Please note that the following document, although believed to be correct at the time of issue, may not represent the current position of the CRA.
Prenez note que ce document, bien qu'exact au moment émis, peut ne pas représenter la position actuelle de l'ARC.
Please note that the following document, although believed to be correct at the time of issue, may not represent the current position of the Department.
Prenez note que ce document, bien qu'exact au moment émis, peut ne pas représenter la position actuelle du ministère.
XXXXXXXXXX (613) 957-8953
October 30, 2018
This is in reply to your letter of June 22, 1994 concerning your contemplated immigration to Canada. You indicate that you are retired and that your income comprises
and you are concerned with the following questions:
- You would like to know if income taxes will be payable on your annual income coming from outside Canada.
- You would like to know the tax regulations to follow in order to invest in a home in Québec.
- You would like to know if there is any tax break for buying the home and business in Québec.
- You would like to know about insurance in Canada.
The following comments are general in nature. For that reason, we cannot be certain that they will be appropriate to your specific situation and for purposes of our response we have assumed that you will become resident of Canada when you immigrate to Canada.
Generally, residents of Canada are taxable on their world income from all sources, whether domestic or foreign. The term "resident" is not defined in the Income Tax Act. However, the Courts have held that an individual is resident in Canada if Canada is the place where he, in the settled routine of his life, regularly, normally, or customarily lives. In making this determination, all of the relevant facts in each case must be considered. If you have any doubt about your residential status and wish to have it determined for you, you can complete form NR74(F) which is included in the attached guide "Nouveaux canadiens" and return it to the address on that form. Also enclosed is a copy of Interpretation Bulletin IT-221R2 which outlines our view of the determination of an individual's residential status.
As mentioned earlier, taxpayers who are resident in Canada are subject to income tax on their world income. Your income or certain parts of it may remain taxable in the United States. We are not able to assist you in this determination. Should you determine this to be the case, you may want to consider the application of the Canada-United States Income Tax Convention which might be of help if there is any double taxation. Also, a taxpayer who is a resident of Canada may be permitted to deduct all or a portion of the tax paid to a foreign jurisdiction (foreign tax credit) in calculating his Canadian taxes. The attached Interpretation Bulletin IT-270R2 provides further details on the calculation of foreign tax credits.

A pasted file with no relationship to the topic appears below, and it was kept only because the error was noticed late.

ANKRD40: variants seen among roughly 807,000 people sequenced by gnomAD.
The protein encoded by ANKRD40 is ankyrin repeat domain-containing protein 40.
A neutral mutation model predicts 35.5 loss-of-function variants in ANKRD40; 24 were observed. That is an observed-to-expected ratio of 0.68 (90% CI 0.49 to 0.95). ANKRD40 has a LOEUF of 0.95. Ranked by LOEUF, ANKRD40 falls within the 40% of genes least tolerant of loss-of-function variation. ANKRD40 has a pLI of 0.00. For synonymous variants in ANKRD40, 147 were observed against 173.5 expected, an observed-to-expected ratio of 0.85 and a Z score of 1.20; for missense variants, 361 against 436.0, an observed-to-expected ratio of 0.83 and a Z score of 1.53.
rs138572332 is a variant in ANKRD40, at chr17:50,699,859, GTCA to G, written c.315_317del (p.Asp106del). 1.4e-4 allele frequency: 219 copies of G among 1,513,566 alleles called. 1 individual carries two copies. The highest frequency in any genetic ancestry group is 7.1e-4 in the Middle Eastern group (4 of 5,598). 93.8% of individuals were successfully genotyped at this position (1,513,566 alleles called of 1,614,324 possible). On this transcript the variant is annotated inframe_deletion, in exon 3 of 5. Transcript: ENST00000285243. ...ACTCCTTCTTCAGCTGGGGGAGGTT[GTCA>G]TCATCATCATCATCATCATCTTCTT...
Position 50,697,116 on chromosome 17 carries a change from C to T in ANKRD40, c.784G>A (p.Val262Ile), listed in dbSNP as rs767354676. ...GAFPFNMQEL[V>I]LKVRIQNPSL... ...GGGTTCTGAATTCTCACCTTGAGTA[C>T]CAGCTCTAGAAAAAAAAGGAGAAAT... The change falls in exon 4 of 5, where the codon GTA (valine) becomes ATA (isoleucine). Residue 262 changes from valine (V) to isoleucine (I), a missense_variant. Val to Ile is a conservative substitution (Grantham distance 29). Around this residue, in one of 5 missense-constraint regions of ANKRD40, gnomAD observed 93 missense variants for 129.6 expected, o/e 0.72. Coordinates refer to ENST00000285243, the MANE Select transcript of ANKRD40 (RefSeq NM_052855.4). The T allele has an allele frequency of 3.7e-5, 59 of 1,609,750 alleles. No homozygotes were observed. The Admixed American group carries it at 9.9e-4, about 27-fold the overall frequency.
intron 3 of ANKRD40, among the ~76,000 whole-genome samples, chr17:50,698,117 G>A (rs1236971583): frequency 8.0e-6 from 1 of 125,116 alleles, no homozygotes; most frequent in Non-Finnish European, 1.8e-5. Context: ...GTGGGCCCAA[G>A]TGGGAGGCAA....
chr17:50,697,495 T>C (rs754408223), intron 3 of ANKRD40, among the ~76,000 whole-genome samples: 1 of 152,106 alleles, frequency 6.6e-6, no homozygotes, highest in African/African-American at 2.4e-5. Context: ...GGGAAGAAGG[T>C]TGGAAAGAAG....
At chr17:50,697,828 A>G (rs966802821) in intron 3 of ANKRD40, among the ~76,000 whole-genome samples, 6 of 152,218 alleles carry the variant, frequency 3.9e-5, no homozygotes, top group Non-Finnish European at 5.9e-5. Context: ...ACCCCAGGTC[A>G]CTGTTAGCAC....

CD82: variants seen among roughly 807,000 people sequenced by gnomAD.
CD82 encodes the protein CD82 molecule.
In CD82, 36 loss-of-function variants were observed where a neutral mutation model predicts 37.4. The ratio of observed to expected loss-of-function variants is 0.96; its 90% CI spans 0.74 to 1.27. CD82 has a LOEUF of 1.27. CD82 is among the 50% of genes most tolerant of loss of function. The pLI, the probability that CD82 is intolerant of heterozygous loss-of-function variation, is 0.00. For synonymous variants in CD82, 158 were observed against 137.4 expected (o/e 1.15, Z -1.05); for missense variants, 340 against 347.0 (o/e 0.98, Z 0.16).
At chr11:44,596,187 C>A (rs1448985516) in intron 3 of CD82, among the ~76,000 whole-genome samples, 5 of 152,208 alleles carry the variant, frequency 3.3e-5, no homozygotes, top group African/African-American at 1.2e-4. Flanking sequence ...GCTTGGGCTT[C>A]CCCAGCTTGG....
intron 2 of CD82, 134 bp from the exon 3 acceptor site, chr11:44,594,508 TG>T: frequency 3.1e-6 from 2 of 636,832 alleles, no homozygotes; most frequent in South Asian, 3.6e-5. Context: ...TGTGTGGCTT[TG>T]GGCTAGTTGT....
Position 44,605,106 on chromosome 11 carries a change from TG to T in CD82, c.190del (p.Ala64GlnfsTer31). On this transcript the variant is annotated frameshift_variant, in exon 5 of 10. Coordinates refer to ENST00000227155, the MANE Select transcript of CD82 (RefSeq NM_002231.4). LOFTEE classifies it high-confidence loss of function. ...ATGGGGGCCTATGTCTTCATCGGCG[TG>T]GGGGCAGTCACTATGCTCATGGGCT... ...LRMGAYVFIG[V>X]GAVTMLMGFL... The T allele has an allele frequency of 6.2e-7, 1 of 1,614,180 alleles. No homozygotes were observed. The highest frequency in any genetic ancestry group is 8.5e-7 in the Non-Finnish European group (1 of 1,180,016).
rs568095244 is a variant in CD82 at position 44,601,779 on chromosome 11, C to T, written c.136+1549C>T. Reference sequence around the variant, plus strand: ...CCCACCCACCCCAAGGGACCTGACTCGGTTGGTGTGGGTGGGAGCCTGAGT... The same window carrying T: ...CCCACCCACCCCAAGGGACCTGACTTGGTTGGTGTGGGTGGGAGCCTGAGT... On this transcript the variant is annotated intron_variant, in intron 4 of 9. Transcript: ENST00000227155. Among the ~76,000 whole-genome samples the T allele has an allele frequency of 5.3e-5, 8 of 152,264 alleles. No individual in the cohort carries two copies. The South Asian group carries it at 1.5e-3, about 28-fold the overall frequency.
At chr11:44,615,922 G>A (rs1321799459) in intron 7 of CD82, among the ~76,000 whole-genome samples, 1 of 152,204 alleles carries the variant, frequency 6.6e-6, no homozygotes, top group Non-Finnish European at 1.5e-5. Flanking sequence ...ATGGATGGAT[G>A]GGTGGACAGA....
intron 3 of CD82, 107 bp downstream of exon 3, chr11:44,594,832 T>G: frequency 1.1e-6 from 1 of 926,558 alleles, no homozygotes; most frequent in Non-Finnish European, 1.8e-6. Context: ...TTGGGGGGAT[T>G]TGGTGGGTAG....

As a general comment, when you immigrate to Canada you are deemed to acquire your capital property at its fair market value at the time you arrive in Canada. This rule would apply to your XXXXXXXXXX your rental property(ies) and any other capital property. If you dispose of these properties after you have established canadian residency, you will be taxable on the capital gain. In general, the capital gain would be the difference between the selling price of the properties and their fair market value at the time you immigrated to Canada. In the event you are taxable on a capital gain in both Canada and the United States (on your rental property(ies) for example), it will be necessary to refer to the Treaty between Canada and the United States to determine which country has the right to tax and to eliminate any double taxation that may arise. We include a copy of the Interpretation Bulletin IT-451R and refer you to paragraphs 24 to 26.
Concerning the purchase of a home, the Canadian tax system permits an exemption of any gain from an eventual disposition as long as the property qualifies as a principal residence. Consequently, any expense in relation to that home will generally not be deductible. The attached Interpretation Bulletin IT-120R4 provides further details.
Insofar as the setting of a business is concerned, we would suggest that you obtain professional advice as we are not in a position to advise you on the law generally and the requirements of every level of government.
We are enclosing the following additional publications to assist you understanding how the Canadian Tax system will affect you.
1. Business and Professional Income Tax Guide
2. Interpretation Bulletin IT-193 "Taxable Income of Individuals Resident in Canada during Part of a Year".
If you are a resident of the Province of Québec, you will have to file, in addition to your Federal Income Tax return, a distinct Income Tax return to the provincial authorities. We suggest that you communicate on this matter with:
Ministère du Revenu du Québec
Direction générale de la législation
3800, rue Marly
For any additional information concerning agencies that might be of assistance to you, we suggest that you communicate with:
They will presumably be able to direct you to the provincial health plan unit responsible for answering your questions.
We trust the enclosed information will be of assistance to you in planning your financial affairs prior to immigrating to Canada.
Reorganizations and Foreign Division
Policy and Legislation Branch
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© Her Majesty the Queen in Right of Canada, 1994
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© Sa Majesté la Reine du Chef du Canada, 1994